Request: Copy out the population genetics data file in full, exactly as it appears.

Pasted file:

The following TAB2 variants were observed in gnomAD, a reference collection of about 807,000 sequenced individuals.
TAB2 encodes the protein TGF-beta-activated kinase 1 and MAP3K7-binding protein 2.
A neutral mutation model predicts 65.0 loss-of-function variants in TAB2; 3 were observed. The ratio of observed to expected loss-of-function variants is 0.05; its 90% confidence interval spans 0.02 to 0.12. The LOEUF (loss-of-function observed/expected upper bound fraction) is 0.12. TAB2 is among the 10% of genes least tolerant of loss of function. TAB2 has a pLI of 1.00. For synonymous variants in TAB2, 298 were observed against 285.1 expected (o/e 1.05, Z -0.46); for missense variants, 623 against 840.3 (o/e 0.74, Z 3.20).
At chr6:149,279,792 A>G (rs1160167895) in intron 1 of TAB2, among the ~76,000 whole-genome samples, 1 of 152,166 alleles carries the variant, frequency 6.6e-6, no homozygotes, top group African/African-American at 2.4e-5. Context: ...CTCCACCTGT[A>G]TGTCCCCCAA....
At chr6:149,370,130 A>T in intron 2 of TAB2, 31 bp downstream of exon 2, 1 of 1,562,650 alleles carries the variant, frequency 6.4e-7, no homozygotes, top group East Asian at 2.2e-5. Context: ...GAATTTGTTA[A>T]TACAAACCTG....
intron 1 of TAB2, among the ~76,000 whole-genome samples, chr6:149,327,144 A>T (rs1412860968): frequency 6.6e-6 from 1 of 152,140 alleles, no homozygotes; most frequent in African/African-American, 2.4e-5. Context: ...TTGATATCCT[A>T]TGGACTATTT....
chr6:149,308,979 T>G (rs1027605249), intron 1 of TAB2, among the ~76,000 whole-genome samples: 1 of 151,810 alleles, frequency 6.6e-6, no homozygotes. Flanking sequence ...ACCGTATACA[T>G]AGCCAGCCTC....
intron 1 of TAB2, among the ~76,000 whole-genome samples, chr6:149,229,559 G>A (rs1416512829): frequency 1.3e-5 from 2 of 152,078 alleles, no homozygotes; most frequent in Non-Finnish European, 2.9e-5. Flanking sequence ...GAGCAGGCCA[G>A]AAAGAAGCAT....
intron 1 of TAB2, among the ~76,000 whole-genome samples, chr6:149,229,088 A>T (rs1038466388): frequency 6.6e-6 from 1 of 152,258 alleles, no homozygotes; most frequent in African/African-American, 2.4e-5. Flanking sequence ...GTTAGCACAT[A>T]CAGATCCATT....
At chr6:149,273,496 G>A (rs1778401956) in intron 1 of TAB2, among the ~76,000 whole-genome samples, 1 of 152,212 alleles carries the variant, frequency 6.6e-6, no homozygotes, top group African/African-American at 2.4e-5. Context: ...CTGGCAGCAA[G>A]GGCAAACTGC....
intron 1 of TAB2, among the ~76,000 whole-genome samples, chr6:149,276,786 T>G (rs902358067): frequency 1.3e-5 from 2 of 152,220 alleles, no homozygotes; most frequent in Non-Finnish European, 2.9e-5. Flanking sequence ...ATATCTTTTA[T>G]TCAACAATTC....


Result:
The following TAB2 variants were observed in gnomAD, a reference collection of about 807,000 sequenced individuals.
TAB2 encodes the protein TGF-beta-activated kinase 1 and MAP3K7-binding protein 2.
A neutral mutation model predicts 65.0 loss-of-function variants in TAB2; 3 were observed. The ratio of observed to expected loss-of-function variants is 0.05; its 90% confidence interval spans 0.02 to 0.12. The LOEUF (loss-of-function observed/expected upper bound fraction) is 0.12. TAB2 is among the 10% of genes least tolerant of loss of function. TAB2 has a pLI of 1.00. For synonymous variants in TAB2, 298 were observed against 285.1 expected (o/e 1.05, Z -0.46); for missense variants, 623 against 840.3 (o/e 0.74, Z 3.20).
At chr6:149,279,792 A>G (rs1160167895) in intron 1 of TAB2, among the ~76,000 whole-genome samples, 1 of 152,166 alleles carries the variant, frequency 6.6e-6, no homozygotes, top group African/African-American at 2.4e-5. Context: ...CTCCACCTGT[A>G]TGTCCCCCAA....
At chr6:149,370,130 A>T in intron 2 of TAB2, 31 bp downstream of exon 2, 1 of 1,562,650 alleles carries the variant, frequency 6.4e-7, no homozygotes, top group East Asian at 2.2e-5. Context: ...GAATTTGTTA[A>T]TACAAACCTG....
intron 1 of TAB2, among the ~76,000 whole-genome samples, chr6:149,327,144 A>T (rs1412860968): frequency 6.6e-6 from 1 of 152,140 alleles, no homozygotes; most frequent in African/African-American, 2.4e-5. Context: ...TTGATATCCT[A>T]TGGACTATTT....
chr6:149,308,979 T>G (rs1027605249), intron 1 of TAB2, among the ~76,000 whole-genome samples: 1 of 151,810 alleles, frequency 6.6e-6, no homozygotes. Flanking sequence ...ACCGTATACA[T>G]AGCCAGCCTC....
intron 1 of TAB2, among the ~76,000 whole-genome samples, chr6:149,229,559 G>A (rs1416512829): frequency 1.3e-5 from 2 of 152,078 alleles, no homozygotes; most frequent in Non-Finnish European, 2.9e-5. Flanking sequence ...GAGCAGGCCA[G>A]AAAGAAGCAT....
intron 1 of TAB2, among the ~76,000 whole-genome samples, chr6:149,229,088 A>T (rs1038466388): frequency 6.6e-6 from 1 of 152,258 alleles, no homozygotes; most frequent in African/African-American, 2.4e-5. Flanking sequence ...GTTAGCACAT[A>T]CAGATCCATT....
At chr6:149,273,496 G>A (rs1778401956) in intron 1 of TAB2, among the ~76,000 whole-genome samples, 1 of 152,212 alleles carries the variant, frequency 6.6e-6, no homozygotes, top group African/African-American at 2.4e-5. Context: ...CTGGCAGCAA[G>A]GGCAAACTGC....
intron 1 of TAB2, among the ~76,000 whole-genome samples, chr6:149,276,786 T>G (rs902358067): frequency 1.3e-5 from 2 of 152,220 alleles, no homozygotes; most frequent in Non-Finnish European, 2.9e-5. Flanking sequence ...ATATCTTTTA[T>G]TCAACAATTC....